We can sometimes feel helpless when faced with cats fighting. In most cases, it is not recommended to intervene.
At what point should you intervene when cats are fighting?
As soon as you are certain that your cats are not playing, it’s important to analyze the situation before stepping in. If you intervene, the problem between them will not be solved and they will surely try to fight again. You could also risk getting scratched or bitten. In an effort to distract the cats, you can try to make loud noises. Sometimes, this works and the cats will separate themselves on their own.
However, most of the time, they will ignore you as they are too focused on one another. To prevent any injuries, you can try to create a barrier. You can do this with some cardboard, for example. It is important to never make a barriers with your hands. If you do this, you could risk getting attacked and hurt. Stay wary and alert. If they start to calm themselves, try to distance them from each other for a moment. This will allow you to have the time to prepare yourself to avoid any future fights.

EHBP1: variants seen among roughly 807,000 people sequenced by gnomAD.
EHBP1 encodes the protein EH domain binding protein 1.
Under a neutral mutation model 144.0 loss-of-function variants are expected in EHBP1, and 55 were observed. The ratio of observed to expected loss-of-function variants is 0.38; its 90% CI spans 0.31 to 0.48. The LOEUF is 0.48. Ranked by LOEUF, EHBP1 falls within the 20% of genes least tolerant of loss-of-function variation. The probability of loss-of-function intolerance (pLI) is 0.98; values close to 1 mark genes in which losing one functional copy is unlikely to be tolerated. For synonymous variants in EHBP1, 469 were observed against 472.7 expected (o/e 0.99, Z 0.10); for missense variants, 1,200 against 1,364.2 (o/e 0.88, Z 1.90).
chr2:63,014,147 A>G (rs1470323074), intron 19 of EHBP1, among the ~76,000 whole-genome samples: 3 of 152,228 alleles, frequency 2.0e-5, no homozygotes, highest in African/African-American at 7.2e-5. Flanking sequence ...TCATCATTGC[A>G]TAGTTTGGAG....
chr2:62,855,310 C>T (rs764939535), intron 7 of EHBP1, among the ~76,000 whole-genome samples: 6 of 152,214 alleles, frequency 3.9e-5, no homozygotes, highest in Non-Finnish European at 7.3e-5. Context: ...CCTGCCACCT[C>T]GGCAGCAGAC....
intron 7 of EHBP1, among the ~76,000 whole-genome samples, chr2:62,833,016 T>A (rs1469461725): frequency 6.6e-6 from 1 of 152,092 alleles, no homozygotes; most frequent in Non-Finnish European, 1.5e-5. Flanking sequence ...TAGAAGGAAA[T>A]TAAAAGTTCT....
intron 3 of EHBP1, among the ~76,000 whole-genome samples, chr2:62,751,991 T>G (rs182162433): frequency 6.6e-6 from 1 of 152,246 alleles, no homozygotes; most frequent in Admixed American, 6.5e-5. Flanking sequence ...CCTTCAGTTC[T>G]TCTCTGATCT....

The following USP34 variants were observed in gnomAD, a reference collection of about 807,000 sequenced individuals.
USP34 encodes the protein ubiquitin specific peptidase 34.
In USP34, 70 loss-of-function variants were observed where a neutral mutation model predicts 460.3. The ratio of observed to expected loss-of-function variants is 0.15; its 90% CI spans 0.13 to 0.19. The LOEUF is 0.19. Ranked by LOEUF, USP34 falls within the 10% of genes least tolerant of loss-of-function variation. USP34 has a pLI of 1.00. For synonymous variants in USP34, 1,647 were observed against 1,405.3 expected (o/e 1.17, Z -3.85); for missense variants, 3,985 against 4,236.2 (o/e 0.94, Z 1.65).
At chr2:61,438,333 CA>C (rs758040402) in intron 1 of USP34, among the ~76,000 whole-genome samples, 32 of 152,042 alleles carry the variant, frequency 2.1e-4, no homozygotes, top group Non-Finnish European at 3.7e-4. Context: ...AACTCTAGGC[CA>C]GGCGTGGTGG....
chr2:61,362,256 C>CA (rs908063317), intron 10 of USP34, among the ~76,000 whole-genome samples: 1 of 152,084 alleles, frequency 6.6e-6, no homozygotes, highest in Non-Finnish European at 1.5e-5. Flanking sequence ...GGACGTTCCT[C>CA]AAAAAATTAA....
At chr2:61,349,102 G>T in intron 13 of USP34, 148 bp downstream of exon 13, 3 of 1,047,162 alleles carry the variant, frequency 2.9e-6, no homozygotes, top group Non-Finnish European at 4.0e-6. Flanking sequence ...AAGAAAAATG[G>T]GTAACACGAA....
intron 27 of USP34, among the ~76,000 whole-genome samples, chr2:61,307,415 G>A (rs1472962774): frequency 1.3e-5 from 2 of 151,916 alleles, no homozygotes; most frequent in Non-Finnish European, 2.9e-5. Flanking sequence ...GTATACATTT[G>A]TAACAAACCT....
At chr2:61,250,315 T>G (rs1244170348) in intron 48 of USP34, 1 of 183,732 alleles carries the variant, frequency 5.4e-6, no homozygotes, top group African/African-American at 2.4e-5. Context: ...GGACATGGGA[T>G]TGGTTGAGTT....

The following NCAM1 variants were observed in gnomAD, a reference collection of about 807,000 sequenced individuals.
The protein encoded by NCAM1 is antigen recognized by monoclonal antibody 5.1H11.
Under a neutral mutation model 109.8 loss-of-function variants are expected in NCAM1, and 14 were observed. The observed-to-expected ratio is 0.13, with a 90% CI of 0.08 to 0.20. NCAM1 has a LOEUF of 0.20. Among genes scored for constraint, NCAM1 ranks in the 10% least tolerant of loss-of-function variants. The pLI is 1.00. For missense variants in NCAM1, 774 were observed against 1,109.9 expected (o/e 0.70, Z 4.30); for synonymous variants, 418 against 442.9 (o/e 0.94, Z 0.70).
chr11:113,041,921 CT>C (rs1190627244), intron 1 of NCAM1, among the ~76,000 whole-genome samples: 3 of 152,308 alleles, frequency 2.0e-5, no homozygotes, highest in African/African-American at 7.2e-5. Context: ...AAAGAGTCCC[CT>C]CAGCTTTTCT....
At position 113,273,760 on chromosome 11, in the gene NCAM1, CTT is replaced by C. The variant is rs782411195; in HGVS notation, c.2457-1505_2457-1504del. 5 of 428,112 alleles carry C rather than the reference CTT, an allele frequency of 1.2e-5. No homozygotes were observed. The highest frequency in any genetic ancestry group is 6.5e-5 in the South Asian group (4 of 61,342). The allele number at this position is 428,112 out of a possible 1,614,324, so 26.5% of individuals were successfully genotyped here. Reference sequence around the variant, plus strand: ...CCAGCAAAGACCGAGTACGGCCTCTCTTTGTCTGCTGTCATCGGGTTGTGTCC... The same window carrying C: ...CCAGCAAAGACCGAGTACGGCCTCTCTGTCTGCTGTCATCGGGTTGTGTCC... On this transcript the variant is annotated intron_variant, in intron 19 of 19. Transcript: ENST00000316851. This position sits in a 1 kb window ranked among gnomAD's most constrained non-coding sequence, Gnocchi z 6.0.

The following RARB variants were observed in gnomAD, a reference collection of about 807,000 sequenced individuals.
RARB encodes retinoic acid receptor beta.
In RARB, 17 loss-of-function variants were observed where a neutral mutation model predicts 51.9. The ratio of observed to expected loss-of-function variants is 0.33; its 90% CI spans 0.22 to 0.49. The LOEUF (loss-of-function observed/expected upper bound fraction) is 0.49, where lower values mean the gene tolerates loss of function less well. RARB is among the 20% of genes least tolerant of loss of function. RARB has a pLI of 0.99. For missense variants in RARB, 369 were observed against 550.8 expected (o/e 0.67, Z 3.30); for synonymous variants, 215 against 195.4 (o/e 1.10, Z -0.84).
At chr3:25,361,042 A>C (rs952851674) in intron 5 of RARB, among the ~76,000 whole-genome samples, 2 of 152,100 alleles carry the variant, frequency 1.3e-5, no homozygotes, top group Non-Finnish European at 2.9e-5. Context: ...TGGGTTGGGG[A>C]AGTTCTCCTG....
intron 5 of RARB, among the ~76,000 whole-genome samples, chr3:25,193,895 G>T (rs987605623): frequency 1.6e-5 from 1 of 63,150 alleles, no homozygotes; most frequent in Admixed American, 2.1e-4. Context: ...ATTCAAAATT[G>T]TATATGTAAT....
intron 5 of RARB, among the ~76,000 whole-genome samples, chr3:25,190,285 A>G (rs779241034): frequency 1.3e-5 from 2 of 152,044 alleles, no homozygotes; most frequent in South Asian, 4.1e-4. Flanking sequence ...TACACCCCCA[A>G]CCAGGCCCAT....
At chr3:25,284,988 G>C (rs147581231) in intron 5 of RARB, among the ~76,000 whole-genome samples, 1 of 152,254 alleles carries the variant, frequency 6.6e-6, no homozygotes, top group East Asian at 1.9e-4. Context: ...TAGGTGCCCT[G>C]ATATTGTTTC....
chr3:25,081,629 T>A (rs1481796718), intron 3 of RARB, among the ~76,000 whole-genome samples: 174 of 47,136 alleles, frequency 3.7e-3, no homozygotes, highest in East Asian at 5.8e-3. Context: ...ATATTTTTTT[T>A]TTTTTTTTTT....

Solutions to limit fighting between cats
If you have adopted another cat, it’s best to present the new cat to your other cat in steps. In addition, keep a barrier close by so that you can separate them easily at the slightest hiss. With that being said, it’s also important to let them try to get to know each other. If things are not running smoothly, you can place the new cat in another room away from your other cat.
In order to prevent your cats from fighting over their territory, you can help them outline their own designated area. At first, it’s best to avoid having the cats share the same food bowl. Each cat needs their own belongings. This can be the place where they eat or their toys. If your cat is interacting with the new cats in a tolerant and friendly manner, consider rewarding them with a treat. It is easier for cats to share their living space if they are able to find their bearings.
Neutering is also a good way to calm down the atmosphere between cats. The reproduction period will no longer be a cause of conflict to know which cat dominates and rivals the other. If you are in the presence of a wounded or sick cat, keep them isolated from the other cat so that they are not bothered. With patience and observation, you will be able to create an environment of trust and peace in your household.